“Data-Driven Thinking” is written by members of the media community and contains fresh ideas on the digital revolution in media.
Today’s column is written by Todd Wooten, founder and president at VRTCAL.
The news around ID deprecation and privacy regulations is important and overwhelming. But while those conversations are necessary, we also need to face a more immediate question. What should app developers do to prepare for the future?
Soon, IDs won’t be available on 70%-90% of the ad requests. Moreover, attribution isn’t what it used to be. Despite this pressure, the performance advertising model won’t go away, but it will lean closer to the CPM model.
We’ve seen the percentage of ad requests without IDs decline for quite some time. We ran an impact study when Apple’s deprecation news first shocked our industry and found, to our surprise, many apps had less than half their ad requests with device IDs. Why? A growing number of users already don’t want to be tracked.
This is an exciting brand advertising opportunity for app developers. If developers already have a large percentage of ad requests without device IDs, then adding their valuable supply-side data for brand campaigns benefits advertiser targeting, right? As the number of ad requests with device IDs declines, the opportunity grows and becomes more timely.
Until now, brand advertising on apps focused heavily on programmatic targeting based on third-party data via IDs. Even successful campaigns without third-party data targeting can be improved with direct data from apps. And as we move toward new privacy-centric models, app developers will see the value of their direct data increase. Using direct data they can source and control, app developers can reduce their reliance on the performance advertising model, while simultaneously increasing revenues as brands look for ROI beyond third-party targeting.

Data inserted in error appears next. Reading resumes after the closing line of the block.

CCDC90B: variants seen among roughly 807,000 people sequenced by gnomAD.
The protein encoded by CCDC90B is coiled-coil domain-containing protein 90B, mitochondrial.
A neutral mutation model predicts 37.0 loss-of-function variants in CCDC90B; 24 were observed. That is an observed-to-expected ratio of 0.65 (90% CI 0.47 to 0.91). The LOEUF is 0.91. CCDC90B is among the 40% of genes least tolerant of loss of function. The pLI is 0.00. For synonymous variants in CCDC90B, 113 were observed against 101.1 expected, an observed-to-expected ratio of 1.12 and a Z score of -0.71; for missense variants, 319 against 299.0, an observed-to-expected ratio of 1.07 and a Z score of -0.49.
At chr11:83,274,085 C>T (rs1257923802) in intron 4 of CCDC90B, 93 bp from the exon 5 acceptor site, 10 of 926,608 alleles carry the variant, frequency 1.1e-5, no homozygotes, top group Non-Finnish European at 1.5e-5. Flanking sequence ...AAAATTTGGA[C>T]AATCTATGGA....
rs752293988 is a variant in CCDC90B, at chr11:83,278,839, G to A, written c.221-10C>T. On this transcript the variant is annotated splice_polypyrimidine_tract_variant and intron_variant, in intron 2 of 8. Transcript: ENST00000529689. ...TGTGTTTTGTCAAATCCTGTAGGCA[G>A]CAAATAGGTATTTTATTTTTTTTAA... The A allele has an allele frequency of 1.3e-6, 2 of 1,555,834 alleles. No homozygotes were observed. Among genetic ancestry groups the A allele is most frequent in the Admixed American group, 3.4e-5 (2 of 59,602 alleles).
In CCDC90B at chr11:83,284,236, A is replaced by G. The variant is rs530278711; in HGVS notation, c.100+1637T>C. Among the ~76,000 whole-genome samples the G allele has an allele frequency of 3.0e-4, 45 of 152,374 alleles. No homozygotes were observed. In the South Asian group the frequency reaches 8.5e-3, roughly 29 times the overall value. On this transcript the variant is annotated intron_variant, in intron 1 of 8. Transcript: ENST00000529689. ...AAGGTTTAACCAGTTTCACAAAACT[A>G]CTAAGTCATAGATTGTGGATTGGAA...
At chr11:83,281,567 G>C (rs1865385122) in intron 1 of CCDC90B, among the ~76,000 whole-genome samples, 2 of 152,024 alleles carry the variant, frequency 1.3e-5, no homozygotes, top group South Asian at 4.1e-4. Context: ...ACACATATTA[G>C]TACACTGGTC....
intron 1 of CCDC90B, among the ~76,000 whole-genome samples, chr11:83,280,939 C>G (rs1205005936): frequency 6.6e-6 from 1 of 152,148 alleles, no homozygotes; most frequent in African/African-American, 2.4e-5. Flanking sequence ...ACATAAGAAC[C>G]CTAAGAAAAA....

Packaging the data
App developers have access to three types of data, each of which can be leveraged with privacy and brand safety in mind.
- First-party data such as demographics, interests and purchase intent provided by the users.
- Contextual data sourced from the content.
- Device data available on the mobile device.
How can those types of data be gathered, passed to advertisers and transacted? The answer is cohort targeting.
The goal of cohort targeting is to use context and device data to identify “anonymous moments” within the page, time or location in the content. These anonymous moments can be moods, situations, status, patterns, activity, and their combinations within the content and use case. For example, winning a game creates a feeling of achievement, which in turn can be aggregated into a positive mood cohort. App developers can organize these types of data, along with first-party data, into a list of applicable cohorts which can be passed to advertisers for “moment” targeting purposes.
This is a return to common sense. McDonald’s should be able to target anonymous users when they’re hungry. Southwest should be able to target anonymous users when they’re frustrated and “want to get away.”
How do app developers make this happen? It’s akin to Google Chrome’s efforts with cohorts. Of course, Google runs those auctions, which benefit – wait for it – Google. But app developers also have first-party relationships with users and insights into cohort groups. The IAB Tech Lab is working on improved standards for cohort targeting. The remaining piece of the puzzle is for app developers to embrace cohorts by designing their identification into their platform and content.
But let’s face it, app designers never loved ad units in their content. Ads interfere with the user experience, and reduce quality. Designing marketable moments puts the designer fully in control by giving them the opportunity to create something that is both organic and revenue-friendly.
This is the future, and it can be a bright one for app developers. But they need to embrace cohort targeting sooner rather than later in order to meet the needs of tomorrow’s advertising industry.